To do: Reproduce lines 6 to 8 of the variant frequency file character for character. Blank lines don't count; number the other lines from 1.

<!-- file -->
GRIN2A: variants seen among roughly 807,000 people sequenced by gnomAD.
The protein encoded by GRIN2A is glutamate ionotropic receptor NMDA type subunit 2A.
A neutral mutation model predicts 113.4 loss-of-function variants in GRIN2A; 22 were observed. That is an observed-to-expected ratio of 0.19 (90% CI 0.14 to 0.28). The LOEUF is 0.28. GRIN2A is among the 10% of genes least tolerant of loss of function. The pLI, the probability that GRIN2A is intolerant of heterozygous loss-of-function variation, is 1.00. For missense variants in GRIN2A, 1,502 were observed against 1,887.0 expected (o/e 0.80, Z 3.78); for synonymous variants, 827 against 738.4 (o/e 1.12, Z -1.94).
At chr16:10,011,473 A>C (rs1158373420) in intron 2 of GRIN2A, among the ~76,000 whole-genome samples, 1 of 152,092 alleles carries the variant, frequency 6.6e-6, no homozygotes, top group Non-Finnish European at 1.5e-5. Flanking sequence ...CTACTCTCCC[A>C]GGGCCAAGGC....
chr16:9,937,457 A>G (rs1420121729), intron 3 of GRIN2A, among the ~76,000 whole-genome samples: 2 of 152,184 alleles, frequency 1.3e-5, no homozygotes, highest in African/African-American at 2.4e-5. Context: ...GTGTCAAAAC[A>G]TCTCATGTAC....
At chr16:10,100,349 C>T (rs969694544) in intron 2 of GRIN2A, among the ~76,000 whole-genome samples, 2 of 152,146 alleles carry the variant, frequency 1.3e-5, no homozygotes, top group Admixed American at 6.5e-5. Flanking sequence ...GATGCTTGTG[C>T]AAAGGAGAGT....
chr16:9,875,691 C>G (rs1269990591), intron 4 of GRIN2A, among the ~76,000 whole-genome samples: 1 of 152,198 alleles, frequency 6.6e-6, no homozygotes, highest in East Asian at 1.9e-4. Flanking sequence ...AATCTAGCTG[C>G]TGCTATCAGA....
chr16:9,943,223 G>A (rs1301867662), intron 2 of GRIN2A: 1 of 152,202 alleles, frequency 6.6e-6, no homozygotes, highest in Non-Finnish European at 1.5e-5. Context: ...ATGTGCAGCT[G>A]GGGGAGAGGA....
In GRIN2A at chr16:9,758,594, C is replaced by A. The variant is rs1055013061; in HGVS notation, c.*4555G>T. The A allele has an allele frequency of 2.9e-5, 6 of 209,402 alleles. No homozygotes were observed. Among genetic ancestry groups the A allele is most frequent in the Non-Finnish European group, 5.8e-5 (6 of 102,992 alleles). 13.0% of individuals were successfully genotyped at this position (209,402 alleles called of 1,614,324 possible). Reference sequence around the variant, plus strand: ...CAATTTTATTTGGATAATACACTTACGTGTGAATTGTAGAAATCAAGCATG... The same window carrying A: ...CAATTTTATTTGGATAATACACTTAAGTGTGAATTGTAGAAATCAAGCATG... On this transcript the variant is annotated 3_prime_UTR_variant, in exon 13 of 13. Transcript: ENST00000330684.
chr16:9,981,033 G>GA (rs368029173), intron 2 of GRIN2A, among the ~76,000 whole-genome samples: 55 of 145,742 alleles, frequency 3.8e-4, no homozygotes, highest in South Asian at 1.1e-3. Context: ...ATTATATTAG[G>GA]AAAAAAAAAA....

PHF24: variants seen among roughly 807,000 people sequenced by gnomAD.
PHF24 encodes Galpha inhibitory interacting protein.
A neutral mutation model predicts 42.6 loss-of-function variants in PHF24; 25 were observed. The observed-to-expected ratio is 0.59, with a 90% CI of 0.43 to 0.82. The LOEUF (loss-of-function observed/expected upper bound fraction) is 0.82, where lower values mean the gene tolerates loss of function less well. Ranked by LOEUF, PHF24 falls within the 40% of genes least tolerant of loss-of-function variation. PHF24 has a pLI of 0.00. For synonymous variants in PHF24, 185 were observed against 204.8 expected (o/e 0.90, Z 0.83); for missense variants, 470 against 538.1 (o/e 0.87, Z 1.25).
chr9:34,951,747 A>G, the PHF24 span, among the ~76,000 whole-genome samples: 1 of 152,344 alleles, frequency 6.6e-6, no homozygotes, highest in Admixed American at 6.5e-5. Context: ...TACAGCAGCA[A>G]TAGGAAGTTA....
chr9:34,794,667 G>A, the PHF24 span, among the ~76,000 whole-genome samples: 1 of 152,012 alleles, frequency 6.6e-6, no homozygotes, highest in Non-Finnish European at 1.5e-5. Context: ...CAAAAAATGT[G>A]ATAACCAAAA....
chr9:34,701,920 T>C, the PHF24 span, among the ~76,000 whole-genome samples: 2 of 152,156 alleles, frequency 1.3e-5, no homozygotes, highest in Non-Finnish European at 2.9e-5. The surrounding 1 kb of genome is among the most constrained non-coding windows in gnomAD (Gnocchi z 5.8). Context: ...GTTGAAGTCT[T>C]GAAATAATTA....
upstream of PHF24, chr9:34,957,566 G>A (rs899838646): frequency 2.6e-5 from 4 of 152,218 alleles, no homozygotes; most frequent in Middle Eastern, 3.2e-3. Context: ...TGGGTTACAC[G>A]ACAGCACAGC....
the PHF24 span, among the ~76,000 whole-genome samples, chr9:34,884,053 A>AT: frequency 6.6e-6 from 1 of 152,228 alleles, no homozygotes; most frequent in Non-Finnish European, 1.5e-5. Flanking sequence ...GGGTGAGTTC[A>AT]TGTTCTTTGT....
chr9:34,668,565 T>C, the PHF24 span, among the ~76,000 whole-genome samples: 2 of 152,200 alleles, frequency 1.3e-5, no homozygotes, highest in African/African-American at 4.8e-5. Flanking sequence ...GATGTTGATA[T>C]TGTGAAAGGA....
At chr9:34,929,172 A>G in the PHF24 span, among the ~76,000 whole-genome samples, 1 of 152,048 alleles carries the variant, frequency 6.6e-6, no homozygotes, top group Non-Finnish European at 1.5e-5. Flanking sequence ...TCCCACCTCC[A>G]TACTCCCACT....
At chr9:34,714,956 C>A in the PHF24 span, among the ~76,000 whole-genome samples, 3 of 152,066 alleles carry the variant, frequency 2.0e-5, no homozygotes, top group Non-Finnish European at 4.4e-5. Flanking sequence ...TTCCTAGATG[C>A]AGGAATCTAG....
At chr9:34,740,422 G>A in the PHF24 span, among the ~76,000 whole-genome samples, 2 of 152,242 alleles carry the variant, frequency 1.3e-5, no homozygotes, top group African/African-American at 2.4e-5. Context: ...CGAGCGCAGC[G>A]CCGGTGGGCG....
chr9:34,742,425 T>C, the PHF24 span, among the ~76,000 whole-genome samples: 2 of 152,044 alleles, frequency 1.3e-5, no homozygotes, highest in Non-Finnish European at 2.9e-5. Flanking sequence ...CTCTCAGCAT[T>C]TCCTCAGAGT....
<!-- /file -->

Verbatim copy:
At chr16:10,100,349 C>T (rs969694544) in intron 2 of GRIN2A, among the ~76,000 whole-genome samples, 2 of 152,146 alleles carry the variant, frequency 1.3e-5, no homozygotes, top group Admixed American at 6.5e-5. Flanking sequence ...GATGCTTGTG[C>T]AAAGGAGAGT....
chr16:9,875,691 C>G (rs1269990591), intron 4 of GRIN2A, among the ~76,000 whole-genome samples: 1 of 152,198 alleles, frequency 6.6e-6, no homozygotes, highest in East Asian at 1.9e-4. Flanking sequence ...AATCTAGCTG[C>G]TGCTATCAGA....
chr16:9,943,223 G>A (rs1301867662), intron 2 of GRIN2A: 1 of 152,202 alleles, frequency 6.6e-6, no homozygotes, highest in Non-Finnish European at 1.5e-5. Context: ...ATGTGCAGCT[G>A]GGGGAGAGGA....